This country has had a digital nomad visa for a couple of years now, giving remote workers more opportunity to see its Game of Thrones settings without the crowds. And now that Croatia is part of Europe’s Schengen Zone (as of January 2023), having the visa means free movement in the region. Plus, the benefits of this visa also extend to close family members of the visa holder.

Steve Tsentserensky particularly recommends Zagreb: “Zagreb has a number of things that appeal to me. So the size of the city is one thing. It’s like 800-ish thousand people. It’s not particularly big, it’s not the smallest either. So it’s this nice Goldilock zone for a city,” he tells AFAR. “I find it to be a beautiful city also. It’s got Austria-Hungarian architectural vibes, and I find that there’s a lot of nature here. There’s a mountain right behind the city that I have access to.”

How to stay in Croatia

Those interested in Croatia’s digital nomad visa can submit an online application. The visa is valid for a year and cannot be extended. However, travelers can apply again for another visa as soon as six months after the expiration of the previous digital nomad visa.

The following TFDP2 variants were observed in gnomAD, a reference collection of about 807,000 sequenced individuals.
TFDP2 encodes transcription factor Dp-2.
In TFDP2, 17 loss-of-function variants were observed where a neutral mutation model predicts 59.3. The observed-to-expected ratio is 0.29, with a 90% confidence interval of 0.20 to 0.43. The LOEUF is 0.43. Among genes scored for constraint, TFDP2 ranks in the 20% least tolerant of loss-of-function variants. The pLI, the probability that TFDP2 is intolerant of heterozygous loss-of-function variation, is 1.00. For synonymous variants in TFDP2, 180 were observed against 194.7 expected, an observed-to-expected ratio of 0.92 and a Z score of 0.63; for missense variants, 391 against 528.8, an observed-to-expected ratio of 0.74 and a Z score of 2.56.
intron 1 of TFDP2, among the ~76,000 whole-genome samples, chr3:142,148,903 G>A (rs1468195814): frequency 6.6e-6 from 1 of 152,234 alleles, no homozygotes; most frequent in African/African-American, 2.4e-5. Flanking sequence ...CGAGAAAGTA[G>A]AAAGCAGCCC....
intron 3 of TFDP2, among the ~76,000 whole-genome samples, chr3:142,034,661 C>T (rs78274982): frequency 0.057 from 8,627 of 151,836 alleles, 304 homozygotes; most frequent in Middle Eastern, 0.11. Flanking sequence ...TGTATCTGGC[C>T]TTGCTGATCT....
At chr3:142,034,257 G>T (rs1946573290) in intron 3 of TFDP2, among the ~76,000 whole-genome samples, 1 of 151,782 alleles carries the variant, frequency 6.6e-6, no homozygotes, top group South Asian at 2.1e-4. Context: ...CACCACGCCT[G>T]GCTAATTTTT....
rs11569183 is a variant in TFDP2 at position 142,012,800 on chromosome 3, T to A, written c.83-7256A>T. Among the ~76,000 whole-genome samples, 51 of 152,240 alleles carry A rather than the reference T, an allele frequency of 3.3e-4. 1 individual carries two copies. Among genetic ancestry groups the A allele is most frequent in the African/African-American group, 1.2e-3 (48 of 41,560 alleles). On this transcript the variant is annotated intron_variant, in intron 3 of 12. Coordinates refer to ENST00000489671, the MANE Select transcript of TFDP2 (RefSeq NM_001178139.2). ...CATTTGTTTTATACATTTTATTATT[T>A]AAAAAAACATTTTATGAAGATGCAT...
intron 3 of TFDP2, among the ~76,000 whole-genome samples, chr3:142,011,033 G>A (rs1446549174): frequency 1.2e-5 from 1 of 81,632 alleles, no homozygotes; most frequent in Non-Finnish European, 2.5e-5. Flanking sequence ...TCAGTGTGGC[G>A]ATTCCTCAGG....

Amazing view of the city of Puerto Vallarta

Local friendliness is one of the reasons why Mexico ranked as the best place for expats to live abroad.

Photo by Hello Cinthia/Shutterstock

5. Mexico

According to a 2023 report from Expat Insider, Mexico is the best place for expats to live abroad, with some of the reasons being its friendly locals and easy-to-find accommodation. (The results of this survey come as no surprise, as Mexico has ranked in the top five since 2014.) Remote workers on a budget may find that the lower cost of living makes a longer stint in the country easier: According to an Expats in Mexico study, more than 60 percent of respondents lived on a monthly budget of $2,370 or less.

While Mexico City has famously (sometimes even notoriously) been a hub for remote workers, a number of other places in the country are known for attracting expat communities. They include Puerto Vallarta (and the plenty of beaches in the area), San Miguel de Allende, and Los Cabos.